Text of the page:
The Hechinger Report is a national nonprofit newsroom that reports on one topic: education. Sign up for our weekly newsletters to get stories like this delivered directly to your inbox.

For an entire school year Hillsborough, New Jersey, educators undertook an experiment, asking: Is the iPad really the best device for interactive learning?

It’s a question that has been on many minds since 2010, when Apple released the iPad and schools began experimenting with it. The devices came along at a time when many school reformers were advocating to replace textbooks with online curricula and add creative apps to lessons. Some teachers welcomed the shift, which allowed their students to replace old poster-board presentations with narrated screencasts and review teacher-produced video lessons at any time.

Four years later, however, it’s still unclear whether the iPad is the device best suited to the classroom. The market for educational technology is huge and competitive: During 2014, American K-12 schools will spend an estimated $9.94 billion on educational technology, an increase of 2.5 percent over last year, according to Joseph Morris, director of market intelligence at the Center for Digital Education. On average, he said, schools spend about a third of their technology budgets on computer hardware.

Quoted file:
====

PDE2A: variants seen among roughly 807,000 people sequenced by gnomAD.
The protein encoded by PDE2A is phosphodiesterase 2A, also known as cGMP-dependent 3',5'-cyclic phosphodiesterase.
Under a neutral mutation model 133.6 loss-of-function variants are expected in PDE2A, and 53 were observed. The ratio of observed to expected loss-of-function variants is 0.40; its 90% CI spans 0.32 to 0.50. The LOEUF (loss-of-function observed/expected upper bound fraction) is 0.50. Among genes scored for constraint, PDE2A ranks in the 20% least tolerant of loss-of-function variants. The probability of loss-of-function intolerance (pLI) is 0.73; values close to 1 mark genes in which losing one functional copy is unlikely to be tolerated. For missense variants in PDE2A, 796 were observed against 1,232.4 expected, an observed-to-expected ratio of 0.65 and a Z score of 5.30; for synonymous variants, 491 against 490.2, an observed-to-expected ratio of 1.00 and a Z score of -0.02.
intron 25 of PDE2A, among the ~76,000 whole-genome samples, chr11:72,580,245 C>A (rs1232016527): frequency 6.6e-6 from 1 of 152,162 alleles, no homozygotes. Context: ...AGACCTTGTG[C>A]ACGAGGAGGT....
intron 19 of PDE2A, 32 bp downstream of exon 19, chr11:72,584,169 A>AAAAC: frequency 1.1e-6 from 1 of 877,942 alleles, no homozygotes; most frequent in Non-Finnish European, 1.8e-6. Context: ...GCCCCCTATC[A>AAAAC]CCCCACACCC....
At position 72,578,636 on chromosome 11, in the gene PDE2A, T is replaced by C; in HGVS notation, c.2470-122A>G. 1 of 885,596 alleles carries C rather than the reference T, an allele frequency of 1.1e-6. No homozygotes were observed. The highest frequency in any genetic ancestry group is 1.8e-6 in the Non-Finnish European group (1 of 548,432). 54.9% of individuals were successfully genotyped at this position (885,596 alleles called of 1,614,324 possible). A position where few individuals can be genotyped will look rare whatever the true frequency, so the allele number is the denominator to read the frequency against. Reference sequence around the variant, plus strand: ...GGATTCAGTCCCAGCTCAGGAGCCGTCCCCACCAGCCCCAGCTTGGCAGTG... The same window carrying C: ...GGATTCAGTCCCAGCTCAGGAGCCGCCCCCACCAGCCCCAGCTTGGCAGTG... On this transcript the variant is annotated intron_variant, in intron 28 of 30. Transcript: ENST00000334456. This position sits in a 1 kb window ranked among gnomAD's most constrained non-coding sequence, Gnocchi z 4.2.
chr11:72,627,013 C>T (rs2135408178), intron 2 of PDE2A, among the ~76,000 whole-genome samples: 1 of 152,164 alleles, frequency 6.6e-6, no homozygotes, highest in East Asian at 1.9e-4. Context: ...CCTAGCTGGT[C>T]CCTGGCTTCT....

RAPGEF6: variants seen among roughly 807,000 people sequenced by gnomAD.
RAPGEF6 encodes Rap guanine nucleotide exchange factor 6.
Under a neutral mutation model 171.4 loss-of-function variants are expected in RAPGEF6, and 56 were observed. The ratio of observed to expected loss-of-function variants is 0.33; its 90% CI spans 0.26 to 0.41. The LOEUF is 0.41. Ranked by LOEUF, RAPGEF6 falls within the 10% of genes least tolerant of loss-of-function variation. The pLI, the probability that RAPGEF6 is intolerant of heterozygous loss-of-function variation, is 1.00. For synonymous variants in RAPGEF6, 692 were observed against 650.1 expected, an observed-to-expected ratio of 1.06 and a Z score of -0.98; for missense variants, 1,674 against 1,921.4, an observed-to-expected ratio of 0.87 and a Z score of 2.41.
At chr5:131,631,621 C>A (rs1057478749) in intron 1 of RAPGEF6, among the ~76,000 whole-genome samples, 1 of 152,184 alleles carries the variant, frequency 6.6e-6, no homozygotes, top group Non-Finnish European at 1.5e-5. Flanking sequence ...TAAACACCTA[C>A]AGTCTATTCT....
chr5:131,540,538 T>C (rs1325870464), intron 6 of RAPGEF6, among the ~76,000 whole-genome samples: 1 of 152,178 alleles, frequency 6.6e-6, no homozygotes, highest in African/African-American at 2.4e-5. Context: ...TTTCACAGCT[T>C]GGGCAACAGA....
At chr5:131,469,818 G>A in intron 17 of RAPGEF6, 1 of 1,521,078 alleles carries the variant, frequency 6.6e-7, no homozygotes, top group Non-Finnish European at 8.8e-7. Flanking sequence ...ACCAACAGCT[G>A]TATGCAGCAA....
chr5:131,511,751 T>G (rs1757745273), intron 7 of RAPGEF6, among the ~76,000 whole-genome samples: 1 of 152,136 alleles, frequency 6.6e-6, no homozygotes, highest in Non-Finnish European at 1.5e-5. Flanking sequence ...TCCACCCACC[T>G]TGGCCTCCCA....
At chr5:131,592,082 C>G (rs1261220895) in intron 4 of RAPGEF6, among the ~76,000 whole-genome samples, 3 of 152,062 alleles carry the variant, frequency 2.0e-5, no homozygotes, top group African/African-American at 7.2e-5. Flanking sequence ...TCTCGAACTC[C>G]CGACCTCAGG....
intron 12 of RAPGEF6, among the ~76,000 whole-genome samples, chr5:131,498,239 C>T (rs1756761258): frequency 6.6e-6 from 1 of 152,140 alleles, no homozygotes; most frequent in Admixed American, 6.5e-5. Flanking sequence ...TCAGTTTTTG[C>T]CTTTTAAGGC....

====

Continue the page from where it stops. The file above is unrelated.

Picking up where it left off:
iPads or Chromebooks
Seventh-grade social studies teacher Jennifer Harmsen reviews lessons in an online video on Roman life with her students at Hillsborough Middle School. (Photo: Meghan E. Murphy) Credit: Meghan E. Murphy

Meanwhile, the cost of equipment is going down, software is improving, and state policies are driving expectations for technology access. “It’s really exciting,” said Douglas Levin, executive director of the State Educational Technology Directors Association, “but at the same time it’s really challenging for schools to have confidence when they make a decision.”